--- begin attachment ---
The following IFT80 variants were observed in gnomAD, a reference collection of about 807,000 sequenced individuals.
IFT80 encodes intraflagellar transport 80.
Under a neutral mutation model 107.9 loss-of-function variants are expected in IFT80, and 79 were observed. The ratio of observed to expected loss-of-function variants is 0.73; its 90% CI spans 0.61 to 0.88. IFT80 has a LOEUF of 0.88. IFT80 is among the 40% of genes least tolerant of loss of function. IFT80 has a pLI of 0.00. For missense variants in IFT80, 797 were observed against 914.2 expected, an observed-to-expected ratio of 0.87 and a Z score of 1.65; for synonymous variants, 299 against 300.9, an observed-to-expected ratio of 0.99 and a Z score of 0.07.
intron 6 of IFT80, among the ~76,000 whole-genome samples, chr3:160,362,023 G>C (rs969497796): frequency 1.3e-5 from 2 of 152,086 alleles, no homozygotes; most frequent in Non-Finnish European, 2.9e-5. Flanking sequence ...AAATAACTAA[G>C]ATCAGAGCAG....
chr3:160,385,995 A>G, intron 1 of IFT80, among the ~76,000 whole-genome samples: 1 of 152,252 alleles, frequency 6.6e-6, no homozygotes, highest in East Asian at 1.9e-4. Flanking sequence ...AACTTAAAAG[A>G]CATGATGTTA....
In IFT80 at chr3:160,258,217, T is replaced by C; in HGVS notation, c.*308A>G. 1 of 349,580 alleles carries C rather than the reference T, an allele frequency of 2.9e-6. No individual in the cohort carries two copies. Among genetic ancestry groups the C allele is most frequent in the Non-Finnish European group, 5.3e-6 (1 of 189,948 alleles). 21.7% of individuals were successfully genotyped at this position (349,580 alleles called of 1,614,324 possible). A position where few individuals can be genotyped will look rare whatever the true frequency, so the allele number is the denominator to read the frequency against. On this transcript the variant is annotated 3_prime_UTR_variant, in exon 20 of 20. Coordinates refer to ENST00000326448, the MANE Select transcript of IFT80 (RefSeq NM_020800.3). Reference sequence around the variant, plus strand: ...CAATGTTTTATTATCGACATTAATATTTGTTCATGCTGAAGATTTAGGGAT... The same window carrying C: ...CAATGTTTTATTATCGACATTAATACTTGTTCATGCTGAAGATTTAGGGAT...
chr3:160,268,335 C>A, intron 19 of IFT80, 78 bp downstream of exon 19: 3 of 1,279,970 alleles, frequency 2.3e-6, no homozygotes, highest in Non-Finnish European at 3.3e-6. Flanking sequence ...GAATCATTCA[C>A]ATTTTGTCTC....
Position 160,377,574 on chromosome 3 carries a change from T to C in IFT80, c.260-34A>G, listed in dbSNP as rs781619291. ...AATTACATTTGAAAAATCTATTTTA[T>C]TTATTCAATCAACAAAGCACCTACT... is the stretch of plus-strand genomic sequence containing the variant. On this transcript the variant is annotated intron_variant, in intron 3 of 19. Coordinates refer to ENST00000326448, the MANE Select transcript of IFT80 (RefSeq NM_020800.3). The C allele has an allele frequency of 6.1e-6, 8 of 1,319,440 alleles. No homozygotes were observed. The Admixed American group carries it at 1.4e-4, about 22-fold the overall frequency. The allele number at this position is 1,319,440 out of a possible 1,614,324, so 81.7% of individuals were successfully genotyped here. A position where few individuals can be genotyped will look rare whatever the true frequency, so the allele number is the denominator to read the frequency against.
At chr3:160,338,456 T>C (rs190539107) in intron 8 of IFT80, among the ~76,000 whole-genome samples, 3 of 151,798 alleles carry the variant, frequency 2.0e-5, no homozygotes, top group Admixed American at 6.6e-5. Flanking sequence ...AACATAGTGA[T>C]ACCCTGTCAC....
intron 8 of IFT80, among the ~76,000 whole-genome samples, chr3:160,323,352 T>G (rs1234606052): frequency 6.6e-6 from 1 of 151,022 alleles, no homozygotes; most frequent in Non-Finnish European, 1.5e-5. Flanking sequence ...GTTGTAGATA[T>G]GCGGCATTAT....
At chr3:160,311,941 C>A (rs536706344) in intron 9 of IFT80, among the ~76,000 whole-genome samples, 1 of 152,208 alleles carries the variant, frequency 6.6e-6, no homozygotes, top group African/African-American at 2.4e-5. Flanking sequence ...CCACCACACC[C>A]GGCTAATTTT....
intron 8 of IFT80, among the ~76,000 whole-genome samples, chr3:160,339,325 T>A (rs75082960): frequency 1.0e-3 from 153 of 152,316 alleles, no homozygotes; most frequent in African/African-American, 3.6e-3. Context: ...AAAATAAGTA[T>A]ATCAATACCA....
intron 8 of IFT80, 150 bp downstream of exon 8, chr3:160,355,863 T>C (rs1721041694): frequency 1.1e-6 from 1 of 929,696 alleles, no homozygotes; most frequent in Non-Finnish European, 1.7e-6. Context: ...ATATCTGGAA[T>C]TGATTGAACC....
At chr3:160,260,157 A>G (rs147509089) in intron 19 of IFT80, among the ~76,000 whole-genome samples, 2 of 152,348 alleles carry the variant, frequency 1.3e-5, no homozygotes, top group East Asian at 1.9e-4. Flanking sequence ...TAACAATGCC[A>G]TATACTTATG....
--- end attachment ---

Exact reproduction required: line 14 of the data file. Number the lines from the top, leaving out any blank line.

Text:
At chr3:160,260,157 A>G (rs147509089) in intron 19 of IFT80, among the ~76,000 whole-genome samples, 2 of 152,348 alleles carry the variant, frequency 1.3e-5, no homozygotes, top group East Asian at 1.9e-4. Flanking sequence ...TAACAATGCC[A>G]TATACTTATG....